Zero trust will also soon be compulsory for federal agencies, helping standardize the concept in the broader market. US president Joe Biden’s cybersecurity executive order in May mandated agencies move to zero-trust as-a-service architectures and enable two-factor authentication (2FA) within 180 days. 

The Commerce Department’s NIST followed up last week by calling on 18 of the US’s biggest cybersecurity vendors to demonstrate how they would implement a zero trust architecture.    

Microsoft found that 76 percent or organizations are in the process of implementing a Zero Trust architecture — up six percent from last year.

“The shift to hybrid work, accelerated by COVID-19, is also driving the move towards broader adoption of Zero Trust with 81 percent of organizations having already begun the move toward a hybrid workplace,” writes Vasu Jakkal, Microsoft corporate vice president of security, compliance and identity.

“Zero Trust will be critical to help maintain security amid the IT complexity that comes with hybrid work.”

The top reasons for adopting Zero Trust included increased security and compliance agility, speed of threat detection and remediation, and simplicity and availability of security analytics, according to Jakkal. 

It’s all about confirming everything is secure, across identity, endpoints, the network, and other resources using signals and data.

Biden this week highlighted the real-world stakes at play with recent ransomware and supply chain attacks on critical infrastructure, telling the US intelligence community that a major hack would likely be the reason the US enters “a real shooting war with a major power”. The US president yesterday signed a memorandum addressing cybersecurity for critical infrastructure, ordering CISA and NIST to create benchmarks for organizations managing critical infrastructure.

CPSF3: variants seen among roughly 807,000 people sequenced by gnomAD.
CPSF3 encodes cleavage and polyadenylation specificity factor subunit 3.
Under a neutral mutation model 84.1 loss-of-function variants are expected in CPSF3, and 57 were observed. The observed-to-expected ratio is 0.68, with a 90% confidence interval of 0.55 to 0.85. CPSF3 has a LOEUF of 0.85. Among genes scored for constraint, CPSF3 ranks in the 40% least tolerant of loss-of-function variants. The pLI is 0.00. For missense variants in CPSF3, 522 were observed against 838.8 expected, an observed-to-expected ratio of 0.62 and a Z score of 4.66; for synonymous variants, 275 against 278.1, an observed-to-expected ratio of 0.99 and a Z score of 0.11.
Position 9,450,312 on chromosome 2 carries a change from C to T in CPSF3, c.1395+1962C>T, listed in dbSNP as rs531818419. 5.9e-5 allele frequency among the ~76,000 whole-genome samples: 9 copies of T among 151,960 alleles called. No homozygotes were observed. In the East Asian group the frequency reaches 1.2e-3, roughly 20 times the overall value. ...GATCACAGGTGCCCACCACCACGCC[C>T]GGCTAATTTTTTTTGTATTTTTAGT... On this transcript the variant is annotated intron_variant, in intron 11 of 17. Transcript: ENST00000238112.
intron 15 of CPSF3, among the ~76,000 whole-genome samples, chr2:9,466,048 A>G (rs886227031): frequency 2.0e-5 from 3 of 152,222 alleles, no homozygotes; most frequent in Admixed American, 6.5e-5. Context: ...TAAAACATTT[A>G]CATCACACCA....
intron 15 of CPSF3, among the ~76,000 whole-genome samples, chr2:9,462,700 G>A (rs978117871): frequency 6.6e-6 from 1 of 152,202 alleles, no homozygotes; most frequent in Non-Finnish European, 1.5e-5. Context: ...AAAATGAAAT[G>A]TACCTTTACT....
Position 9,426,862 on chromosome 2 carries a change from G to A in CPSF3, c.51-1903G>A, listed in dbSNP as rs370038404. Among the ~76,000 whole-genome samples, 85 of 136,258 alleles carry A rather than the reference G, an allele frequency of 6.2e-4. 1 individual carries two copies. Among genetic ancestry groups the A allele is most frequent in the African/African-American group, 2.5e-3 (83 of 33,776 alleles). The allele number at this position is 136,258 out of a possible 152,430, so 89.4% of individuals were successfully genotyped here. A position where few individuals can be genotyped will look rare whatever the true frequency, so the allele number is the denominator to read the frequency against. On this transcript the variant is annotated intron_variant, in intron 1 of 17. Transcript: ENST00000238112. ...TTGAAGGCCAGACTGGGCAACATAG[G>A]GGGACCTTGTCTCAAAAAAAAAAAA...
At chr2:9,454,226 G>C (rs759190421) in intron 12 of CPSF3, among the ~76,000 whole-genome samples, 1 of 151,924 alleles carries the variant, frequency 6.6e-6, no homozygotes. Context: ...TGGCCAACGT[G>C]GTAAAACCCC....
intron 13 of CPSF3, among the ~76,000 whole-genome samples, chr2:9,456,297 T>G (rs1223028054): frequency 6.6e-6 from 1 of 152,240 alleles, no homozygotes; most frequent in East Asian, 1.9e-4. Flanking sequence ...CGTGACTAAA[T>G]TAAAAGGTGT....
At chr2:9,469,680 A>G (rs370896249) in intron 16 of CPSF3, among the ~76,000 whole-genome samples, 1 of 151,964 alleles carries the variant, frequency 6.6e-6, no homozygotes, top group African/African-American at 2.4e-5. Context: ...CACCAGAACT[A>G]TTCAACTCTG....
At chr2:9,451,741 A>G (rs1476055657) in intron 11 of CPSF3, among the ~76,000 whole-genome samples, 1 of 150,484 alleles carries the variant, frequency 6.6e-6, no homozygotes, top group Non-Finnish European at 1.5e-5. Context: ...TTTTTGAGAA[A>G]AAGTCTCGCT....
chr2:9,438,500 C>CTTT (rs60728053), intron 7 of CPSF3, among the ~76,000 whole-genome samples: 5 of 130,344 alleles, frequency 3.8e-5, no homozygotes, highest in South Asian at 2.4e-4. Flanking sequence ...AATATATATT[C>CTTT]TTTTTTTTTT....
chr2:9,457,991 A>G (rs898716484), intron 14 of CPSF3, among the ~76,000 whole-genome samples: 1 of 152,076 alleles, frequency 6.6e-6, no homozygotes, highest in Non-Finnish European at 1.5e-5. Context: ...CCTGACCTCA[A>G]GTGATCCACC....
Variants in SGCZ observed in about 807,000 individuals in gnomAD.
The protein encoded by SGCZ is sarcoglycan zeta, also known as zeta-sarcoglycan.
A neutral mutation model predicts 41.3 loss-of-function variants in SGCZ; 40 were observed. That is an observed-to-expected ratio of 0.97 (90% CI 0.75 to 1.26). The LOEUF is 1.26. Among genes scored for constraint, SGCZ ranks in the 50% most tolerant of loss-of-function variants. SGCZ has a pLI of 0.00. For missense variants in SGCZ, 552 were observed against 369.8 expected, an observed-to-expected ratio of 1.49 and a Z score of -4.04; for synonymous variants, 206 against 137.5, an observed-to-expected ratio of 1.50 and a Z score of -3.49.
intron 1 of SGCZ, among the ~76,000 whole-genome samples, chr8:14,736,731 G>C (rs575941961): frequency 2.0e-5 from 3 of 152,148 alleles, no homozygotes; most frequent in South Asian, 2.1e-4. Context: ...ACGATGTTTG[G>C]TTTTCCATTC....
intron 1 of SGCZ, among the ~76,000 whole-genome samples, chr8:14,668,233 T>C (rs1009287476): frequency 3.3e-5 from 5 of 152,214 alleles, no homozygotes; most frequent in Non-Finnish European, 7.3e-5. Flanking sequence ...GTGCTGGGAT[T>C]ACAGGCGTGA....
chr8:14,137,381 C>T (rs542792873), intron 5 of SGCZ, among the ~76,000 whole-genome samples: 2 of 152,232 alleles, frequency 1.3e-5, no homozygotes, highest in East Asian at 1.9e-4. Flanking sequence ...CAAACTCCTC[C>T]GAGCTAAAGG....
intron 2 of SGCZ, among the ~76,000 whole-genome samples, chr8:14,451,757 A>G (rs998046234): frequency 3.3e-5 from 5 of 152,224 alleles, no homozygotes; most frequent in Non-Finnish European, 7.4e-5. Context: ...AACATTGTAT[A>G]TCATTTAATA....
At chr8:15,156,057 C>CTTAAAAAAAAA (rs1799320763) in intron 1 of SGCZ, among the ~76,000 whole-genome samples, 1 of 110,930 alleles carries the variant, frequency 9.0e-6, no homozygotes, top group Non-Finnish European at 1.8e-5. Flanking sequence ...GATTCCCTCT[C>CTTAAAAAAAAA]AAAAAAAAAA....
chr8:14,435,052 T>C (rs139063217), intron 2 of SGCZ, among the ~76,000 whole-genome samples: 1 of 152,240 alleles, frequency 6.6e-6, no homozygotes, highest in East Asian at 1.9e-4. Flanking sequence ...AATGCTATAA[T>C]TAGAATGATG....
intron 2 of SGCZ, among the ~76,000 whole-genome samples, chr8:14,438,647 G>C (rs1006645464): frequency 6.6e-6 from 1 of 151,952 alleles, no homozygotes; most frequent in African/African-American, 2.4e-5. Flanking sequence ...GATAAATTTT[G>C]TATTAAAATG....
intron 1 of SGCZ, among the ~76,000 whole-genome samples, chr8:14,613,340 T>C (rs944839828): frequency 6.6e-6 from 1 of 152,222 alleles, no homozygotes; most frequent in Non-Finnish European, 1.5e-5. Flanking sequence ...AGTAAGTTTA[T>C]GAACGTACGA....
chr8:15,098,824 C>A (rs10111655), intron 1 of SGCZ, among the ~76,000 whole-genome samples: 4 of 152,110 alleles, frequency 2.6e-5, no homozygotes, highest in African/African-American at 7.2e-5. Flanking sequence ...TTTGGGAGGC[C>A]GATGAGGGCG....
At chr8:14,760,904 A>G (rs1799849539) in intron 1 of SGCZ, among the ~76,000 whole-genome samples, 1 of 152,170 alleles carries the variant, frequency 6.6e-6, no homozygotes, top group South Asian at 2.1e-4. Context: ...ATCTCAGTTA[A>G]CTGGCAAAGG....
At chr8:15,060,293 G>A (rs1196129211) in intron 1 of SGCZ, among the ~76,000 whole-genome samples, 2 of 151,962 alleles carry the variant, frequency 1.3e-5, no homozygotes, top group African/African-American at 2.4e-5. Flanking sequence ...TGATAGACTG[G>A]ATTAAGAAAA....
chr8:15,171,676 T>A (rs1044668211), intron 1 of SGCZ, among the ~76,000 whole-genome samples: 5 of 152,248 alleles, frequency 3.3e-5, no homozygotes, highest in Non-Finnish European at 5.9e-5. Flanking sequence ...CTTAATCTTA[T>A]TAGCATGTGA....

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Apple broke bad news to iPhone fans



We’ve known this was a problem.

I expected that if there was any time when Apple top brass would mention it, it would be during the earnings call.

And that’s when it happened.

Apple, like most other tech firms, is feeling the pinch due to component shortages.

A word that came up a lot during the call was “constraints.” It was up to Apple CFO Luca Maestri to break the bad news.

“… we expect supply constraints during the September quarter to be greater than what we experienced during the June quarter. The constraints will primarily impact iPhone and iPad.”

Must read: Don’t buy these Apple products: July 2021 edition

Normally, I’d put this down to scarcity marketing — “get in there quick with your iPhone orders, because otherwise you’ll miss out and the cool kids will laugh at you” sort of thing — but these supply constraints are real and is affecting almost every company that is involved in making things.

CEO Tim Cook went on to fill in some more details about the constraints.

“The majority of constraints we’re seeing are of the variety that I think others are saying that are I would classify as industry shortage. We do have some shortages, in addition to that, that are where the demand has been so great and so beyond our own expectation that it’s difficult to get the entire set of parts within the lead times that we try to get those. So it’s a little bit of that as well.”

A little bit of this, a little bit of that.

On the whole, Apple does like to underpromise and overdeliver, especially where Wall Street is concerned, so it doesn’t surprise me that there’s this air of caution.

It makes sense.

The landscape is changing rapidly.

But I think that it’s interesting and somewhat telling that Apple was willing to make such a statement, a statement that caused stocks to fall as a result.